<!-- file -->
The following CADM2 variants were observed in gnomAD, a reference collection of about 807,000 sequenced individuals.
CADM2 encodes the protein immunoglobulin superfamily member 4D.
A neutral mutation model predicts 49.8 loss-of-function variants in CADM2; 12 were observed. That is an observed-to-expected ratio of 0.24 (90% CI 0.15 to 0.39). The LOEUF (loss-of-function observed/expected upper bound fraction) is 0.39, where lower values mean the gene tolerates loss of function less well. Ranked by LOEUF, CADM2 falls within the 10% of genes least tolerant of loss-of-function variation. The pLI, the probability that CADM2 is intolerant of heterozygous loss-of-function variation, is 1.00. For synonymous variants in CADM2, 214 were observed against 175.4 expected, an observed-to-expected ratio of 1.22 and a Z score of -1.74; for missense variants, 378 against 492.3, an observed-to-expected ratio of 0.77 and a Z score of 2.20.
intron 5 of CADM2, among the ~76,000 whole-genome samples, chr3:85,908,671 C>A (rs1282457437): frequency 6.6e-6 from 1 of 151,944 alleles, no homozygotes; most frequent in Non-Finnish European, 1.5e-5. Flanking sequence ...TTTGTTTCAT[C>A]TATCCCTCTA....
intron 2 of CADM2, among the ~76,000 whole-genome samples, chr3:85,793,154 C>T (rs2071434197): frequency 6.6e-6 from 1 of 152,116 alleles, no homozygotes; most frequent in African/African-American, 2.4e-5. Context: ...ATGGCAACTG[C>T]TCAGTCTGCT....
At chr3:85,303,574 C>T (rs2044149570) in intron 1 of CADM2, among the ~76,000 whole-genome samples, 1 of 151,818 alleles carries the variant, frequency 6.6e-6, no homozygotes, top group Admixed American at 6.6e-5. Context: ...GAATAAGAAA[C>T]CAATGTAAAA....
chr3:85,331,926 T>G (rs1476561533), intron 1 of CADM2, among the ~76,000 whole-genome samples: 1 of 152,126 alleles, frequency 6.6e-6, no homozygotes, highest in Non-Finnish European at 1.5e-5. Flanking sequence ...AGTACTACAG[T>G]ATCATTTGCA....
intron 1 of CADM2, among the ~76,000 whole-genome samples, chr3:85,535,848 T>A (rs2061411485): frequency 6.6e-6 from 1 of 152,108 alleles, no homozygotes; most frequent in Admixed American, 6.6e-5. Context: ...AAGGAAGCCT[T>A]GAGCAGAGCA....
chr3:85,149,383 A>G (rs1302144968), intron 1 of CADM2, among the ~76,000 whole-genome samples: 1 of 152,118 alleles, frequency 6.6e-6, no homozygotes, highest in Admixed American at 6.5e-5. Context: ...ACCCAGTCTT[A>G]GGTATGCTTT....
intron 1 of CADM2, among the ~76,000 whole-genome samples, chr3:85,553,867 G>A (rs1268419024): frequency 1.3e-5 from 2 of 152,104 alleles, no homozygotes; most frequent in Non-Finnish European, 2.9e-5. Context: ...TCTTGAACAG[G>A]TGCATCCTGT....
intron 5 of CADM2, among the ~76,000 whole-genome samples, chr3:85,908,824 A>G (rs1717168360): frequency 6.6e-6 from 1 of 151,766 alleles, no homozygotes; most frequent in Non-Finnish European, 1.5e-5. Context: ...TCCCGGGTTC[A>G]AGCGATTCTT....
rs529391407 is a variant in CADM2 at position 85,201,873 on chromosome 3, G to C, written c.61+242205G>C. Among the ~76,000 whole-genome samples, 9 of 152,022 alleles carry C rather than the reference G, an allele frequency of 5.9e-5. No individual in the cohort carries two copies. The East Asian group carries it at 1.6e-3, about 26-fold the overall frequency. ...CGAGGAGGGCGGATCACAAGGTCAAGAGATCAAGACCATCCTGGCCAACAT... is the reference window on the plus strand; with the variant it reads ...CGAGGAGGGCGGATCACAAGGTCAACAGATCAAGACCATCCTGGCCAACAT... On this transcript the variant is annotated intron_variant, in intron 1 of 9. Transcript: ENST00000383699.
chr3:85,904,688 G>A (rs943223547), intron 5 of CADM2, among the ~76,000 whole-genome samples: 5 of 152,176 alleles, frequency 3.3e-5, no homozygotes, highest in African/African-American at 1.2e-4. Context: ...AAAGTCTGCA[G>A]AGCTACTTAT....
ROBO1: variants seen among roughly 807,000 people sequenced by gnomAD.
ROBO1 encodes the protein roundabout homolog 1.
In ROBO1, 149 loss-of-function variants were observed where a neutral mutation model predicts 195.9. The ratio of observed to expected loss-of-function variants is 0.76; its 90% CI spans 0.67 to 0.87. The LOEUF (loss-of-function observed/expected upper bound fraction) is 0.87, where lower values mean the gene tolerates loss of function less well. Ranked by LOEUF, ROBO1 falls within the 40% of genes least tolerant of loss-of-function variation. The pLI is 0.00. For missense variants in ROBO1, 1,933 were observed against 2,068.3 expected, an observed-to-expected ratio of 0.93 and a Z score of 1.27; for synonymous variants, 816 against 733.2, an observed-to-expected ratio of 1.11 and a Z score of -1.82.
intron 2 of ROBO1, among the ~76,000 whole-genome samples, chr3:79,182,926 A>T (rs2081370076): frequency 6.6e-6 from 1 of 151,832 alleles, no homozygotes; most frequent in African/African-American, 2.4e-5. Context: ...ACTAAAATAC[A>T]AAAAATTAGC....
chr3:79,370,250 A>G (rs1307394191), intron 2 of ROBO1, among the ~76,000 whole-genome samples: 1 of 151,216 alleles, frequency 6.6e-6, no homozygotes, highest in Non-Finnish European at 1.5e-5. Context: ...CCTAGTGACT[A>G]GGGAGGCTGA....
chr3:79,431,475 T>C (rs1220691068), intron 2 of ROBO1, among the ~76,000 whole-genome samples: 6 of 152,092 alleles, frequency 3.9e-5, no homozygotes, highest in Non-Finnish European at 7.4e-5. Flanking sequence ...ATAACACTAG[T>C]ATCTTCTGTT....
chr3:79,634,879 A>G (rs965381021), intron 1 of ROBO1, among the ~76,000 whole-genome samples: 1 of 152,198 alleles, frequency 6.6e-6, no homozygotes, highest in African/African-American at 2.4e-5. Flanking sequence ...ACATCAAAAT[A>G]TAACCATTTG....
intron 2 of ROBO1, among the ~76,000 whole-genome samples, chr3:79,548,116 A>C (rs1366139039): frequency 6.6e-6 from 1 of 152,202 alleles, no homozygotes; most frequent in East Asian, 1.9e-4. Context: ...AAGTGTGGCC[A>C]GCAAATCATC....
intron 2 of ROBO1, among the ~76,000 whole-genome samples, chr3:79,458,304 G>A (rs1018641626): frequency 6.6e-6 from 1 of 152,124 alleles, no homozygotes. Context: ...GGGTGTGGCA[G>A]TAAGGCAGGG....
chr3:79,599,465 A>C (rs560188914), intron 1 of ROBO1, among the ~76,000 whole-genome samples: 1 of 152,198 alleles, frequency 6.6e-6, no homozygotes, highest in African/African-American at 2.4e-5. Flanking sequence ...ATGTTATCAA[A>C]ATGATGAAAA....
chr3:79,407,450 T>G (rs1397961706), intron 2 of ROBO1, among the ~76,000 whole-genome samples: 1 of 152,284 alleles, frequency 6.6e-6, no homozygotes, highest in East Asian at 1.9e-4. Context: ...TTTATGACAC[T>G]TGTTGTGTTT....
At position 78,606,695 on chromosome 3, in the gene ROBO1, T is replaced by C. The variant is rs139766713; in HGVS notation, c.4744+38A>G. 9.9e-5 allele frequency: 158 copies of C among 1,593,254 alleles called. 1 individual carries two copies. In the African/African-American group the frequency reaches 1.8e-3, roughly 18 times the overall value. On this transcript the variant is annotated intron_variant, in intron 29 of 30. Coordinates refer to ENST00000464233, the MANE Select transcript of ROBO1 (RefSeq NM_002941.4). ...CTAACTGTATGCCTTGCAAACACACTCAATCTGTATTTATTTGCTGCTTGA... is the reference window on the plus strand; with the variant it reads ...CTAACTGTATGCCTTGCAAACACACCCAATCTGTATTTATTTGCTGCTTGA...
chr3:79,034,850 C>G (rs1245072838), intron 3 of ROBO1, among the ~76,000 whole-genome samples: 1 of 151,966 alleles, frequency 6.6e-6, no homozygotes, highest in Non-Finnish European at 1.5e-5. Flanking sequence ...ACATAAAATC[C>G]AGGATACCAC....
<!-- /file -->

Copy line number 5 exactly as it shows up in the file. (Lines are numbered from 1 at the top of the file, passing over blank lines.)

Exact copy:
intron 2 of CADM2, among the ~76,000 whole-genome samples, chr3:85,793,154 C>T (rs2071434197): frequency 6.6e-6 from 1 of 152,116 alleles, no homozygotes; most frequent in African/African-American, 2.4e-5. Context: ...ATGGCAACTG[C>T]TCAGTCTGCT....